3 ½ stars  

Flash Movie Review: Stan & Ollie

I DID NOT CRINGE UNTIL SHE attempted to speak. She had assistance walking across the stage of the awards show; it was expected considering her frailty and advanced age. In her day, decades ago, she was a top billing major star. Now as I watched her trying to talk, it was obvious to me she was quite confused. I had no idea if the producers of the show requested her or her management team offered her; either way, I felt uncomfortable and sad. Growing old is harder when it is done in the public eye; I think about myself with the classes I teach. Will I know when it is the time to hang up my cycling and yoga apparel? Will I graciously retire when I realize, if I even realize, I am not teaching class at the same level as I have in the past? These are things I have given thought to as I have grown older. I look at some people who have obviously had extensive plastic surgery and wonder why they did it. There has never been a time I have seen an older celebrity and not known they had altered themselves simply by looking at their semi-paralyzed face or their skin stretched tightly like plastic wrap sealing a bowl of leftovers. What is it they are trying to do?      ONE OF THE ANSWERS I CAN come up with is they do it because they still need to get adulation and compliments from people. I would like to know how having a wrinkled face would stop someone from admiring you. I went to a concert that was being held in a small movie theater; the headliner was a celebrity who was past his prime. What I mean is their voice could no longer handle their song catalog and their dance moves were reduced to a simple swaying side to side. He was only one of the musical acts; so, there were some people in the audience who had no idea who this man was and what songs he had sung that brought him fame. If it were me I could not get on stage and perform unless I categorically knew it would be at the same caliber as before. As I write this I am reminded about former celebrities who either do advertisements or shall we say low-brow projects. I always wonder if they need the money or they are so starved for attention. Regarding this film festival winning biography, I haven’t yet decided which one the comedy duo needed.      AFTER THEIR FAME AND FORTUNE HAD dimmed in the world Laurel and Hardy, played by Steve Coogan (Philomela, The Dinner) and John C. Reilly (Holmes & Watson, The Sisters Brothers), decided they would re-capture it by doing a live tour. It didn’t matter to them that they were older and maybe not as wise. This comedic drama’s story was based on actual events. Without a doubt this picture’s fate was dependent on Steve and John. Gratefully, the two of them were stupendous. I might have to tip the scales more to John’s Oliver Hardy being more authentic, but it still would be a tight race between the two of them. With them front and center the other actors like Shirley Henderson (Transporting franchise, Bridget Jones franchise) as Lucille Hardy and Nina Arianda (Midnight in Paris, Florence Foster Jenkins) as Ida Kitaeva Laurel; though good, were more in the background for me. I thoroughly enjoyed watching this picture. Seeing some of the original comedy acts Laurel and Hardy used to perform and getting the back story on them was a treat. I thought the script and direction worked hand in hand to produce a well-rounded bit of comedic history. Make sure you stay through the credits to see actual clips of the two the producers reproduced in this wonderful film.

 

3 ½ stars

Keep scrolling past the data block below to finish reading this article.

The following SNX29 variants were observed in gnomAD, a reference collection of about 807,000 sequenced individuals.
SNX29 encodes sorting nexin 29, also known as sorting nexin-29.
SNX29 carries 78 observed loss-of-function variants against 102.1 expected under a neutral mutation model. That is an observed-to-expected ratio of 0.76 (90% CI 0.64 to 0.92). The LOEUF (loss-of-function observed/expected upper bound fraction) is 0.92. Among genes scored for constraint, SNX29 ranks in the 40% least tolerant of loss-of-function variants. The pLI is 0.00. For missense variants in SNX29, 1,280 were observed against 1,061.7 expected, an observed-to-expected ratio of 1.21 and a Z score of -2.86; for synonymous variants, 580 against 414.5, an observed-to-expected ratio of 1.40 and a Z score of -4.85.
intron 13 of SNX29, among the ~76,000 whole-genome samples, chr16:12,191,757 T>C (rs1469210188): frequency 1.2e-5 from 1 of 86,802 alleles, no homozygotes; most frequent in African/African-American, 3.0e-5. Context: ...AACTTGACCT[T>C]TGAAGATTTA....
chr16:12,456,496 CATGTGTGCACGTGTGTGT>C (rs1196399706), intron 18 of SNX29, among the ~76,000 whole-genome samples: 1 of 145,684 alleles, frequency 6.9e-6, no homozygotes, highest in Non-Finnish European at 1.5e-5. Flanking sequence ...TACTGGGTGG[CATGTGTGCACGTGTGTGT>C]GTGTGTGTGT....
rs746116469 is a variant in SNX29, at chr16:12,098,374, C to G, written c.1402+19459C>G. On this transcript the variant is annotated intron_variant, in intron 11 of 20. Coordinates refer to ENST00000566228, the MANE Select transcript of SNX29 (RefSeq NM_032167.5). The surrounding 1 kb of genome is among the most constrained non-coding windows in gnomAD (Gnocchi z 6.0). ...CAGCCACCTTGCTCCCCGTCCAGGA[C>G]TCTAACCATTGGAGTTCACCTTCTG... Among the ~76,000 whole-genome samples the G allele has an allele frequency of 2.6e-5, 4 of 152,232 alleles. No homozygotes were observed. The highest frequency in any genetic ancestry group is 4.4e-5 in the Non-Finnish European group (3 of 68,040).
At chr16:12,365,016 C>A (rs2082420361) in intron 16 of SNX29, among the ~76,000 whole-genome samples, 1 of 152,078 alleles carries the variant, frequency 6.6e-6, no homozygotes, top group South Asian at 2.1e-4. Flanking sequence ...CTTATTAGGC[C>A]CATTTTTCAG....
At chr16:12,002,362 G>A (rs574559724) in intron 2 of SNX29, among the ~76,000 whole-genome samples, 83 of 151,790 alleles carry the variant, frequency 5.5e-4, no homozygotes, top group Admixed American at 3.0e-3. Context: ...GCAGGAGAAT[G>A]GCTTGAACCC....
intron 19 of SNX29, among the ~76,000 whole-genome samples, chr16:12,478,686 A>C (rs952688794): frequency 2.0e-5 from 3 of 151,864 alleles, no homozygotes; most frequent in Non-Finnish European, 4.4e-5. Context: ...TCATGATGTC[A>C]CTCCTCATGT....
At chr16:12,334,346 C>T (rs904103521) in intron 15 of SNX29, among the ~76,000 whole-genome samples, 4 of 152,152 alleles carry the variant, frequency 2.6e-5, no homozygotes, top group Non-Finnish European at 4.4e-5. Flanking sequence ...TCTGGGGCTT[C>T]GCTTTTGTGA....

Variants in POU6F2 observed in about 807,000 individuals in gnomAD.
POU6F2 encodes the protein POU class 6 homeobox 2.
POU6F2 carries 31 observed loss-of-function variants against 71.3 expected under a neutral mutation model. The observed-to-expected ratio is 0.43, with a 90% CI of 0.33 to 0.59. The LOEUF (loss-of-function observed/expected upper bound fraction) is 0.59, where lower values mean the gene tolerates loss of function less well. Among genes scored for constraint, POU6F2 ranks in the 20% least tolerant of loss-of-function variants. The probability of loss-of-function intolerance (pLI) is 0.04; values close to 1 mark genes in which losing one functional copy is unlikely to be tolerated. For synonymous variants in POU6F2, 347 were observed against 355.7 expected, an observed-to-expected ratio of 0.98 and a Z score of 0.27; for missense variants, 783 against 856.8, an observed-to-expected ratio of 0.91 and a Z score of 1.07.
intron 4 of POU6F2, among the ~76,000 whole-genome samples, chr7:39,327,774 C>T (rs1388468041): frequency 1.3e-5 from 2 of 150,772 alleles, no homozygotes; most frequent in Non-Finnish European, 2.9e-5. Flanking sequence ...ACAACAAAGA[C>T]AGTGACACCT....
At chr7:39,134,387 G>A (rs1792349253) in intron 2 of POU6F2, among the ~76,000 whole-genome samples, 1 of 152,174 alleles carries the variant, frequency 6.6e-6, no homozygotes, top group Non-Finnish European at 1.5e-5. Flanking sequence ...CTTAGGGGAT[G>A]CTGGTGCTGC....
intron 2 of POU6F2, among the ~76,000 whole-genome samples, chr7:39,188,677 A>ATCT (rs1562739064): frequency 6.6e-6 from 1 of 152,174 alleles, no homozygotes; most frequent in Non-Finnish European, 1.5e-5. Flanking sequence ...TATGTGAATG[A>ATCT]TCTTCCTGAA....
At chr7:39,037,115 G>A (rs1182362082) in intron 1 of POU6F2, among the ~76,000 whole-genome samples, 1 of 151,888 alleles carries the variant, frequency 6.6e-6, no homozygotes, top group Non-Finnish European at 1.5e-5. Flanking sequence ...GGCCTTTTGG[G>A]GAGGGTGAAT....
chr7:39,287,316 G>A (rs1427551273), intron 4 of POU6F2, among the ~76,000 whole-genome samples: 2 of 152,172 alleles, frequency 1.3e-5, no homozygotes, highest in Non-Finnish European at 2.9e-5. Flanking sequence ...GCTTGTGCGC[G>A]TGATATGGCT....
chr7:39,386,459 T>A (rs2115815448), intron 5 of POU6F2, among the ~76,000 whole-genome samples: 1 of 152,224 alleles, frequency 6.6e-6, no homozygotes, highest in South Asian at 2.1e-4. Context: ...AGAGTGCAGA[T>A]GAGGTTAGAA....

Flash Movie Review: Ben is Back

AT WHAT POINT DOES YOUR TOLERANCE for disruptive behavior end? I can go for a while depending on the situation, but then I am done. Let me give you an example: there was a friend of mine who enjoyed going to the movies with me. I thought I did as well until she started talking during the film. Once or twice I am okay with, especially if they did not hear a line of dialog; but, asking questions and talking during the show is totally unacceptable in my world. She would ask me things like, “What do you think will happen?” or “I do not think that dress looks good on her.” Really?!?! This is a reason to open your mouth and talk during a movie? I thought not responding would stop the talking, but that was not the case. She kept up the chatter even after I pointblank asked her to stop it. Because she was a good friend, I had a dilemma on my hands. Do I stop going to the movies with her or find a different option? My solution was simple (at least I thought so); I told her she was more than welcome to join me, but she could not sit next to me because of the talking. She tried by sitting a few seats away from me, but after a couple of times she lost interest in going with me and I was okay with it.      THOUGH I AM STILL FRIENDS WITH that person there is someone else whose friendship I chose to end. We knew each other for several years. Since I was the only one with a car, a lot of our time together was down in their area. In those years they only ventured up towards me a few times, using public transportation or a car share. Everything was fine between us, always having a good time together. Then one time I asked if they wanted to see a theatrical production at a theater that was located near me; they agreed to see it. I checked on ticket availability and called them back later in the week. We decided on seats and I said I would go pick them up. They asked again the name of the theater and when I told them they asked if it was located up by me. Saying yes, they said they were not going to go “all the way” up there just to see a play. I realized right then this was a friendship of convenience on their part; it was okay for me to go down to them, but to come up to me was too hard? Since this was not the 1st time, I made the hard decision. Granted, not as hard as the decisions made in this dramatic movie.      HOLLY BURNS, PLAYED BY JULIA ROBERTS (Wonder, Secret in Their Eyes), had everything set to celebrate the holidays. But then her son Ben, played by Lucas Hedges (Boy Erased, Manchester by the Sea), unexpectedly showed up from rehab. This film festival winner also starred Courtney B. Vance (Space Cowboys, Office Christmas Party) as Neal, Kathryn Newton (Blockers; Three Billboards Outside Ebbing, Missouri) as Ivy and Rachel Bay Jones (God Friended Me-TV) as Beth Conyers. This film stayed alive because of the wonderful acting done by Julia and Lucas. Their chemistry together blazed across the screen. There seems to have been a few recent films that have dealt with addiction, which put this story at a disadvantage. There was not something to set this script much apart from the others that were done, except for allowing the actors to wring out as much feelings and emotions as they could, and they did. Nonetheless, this picture kept me engaged with its tough choices.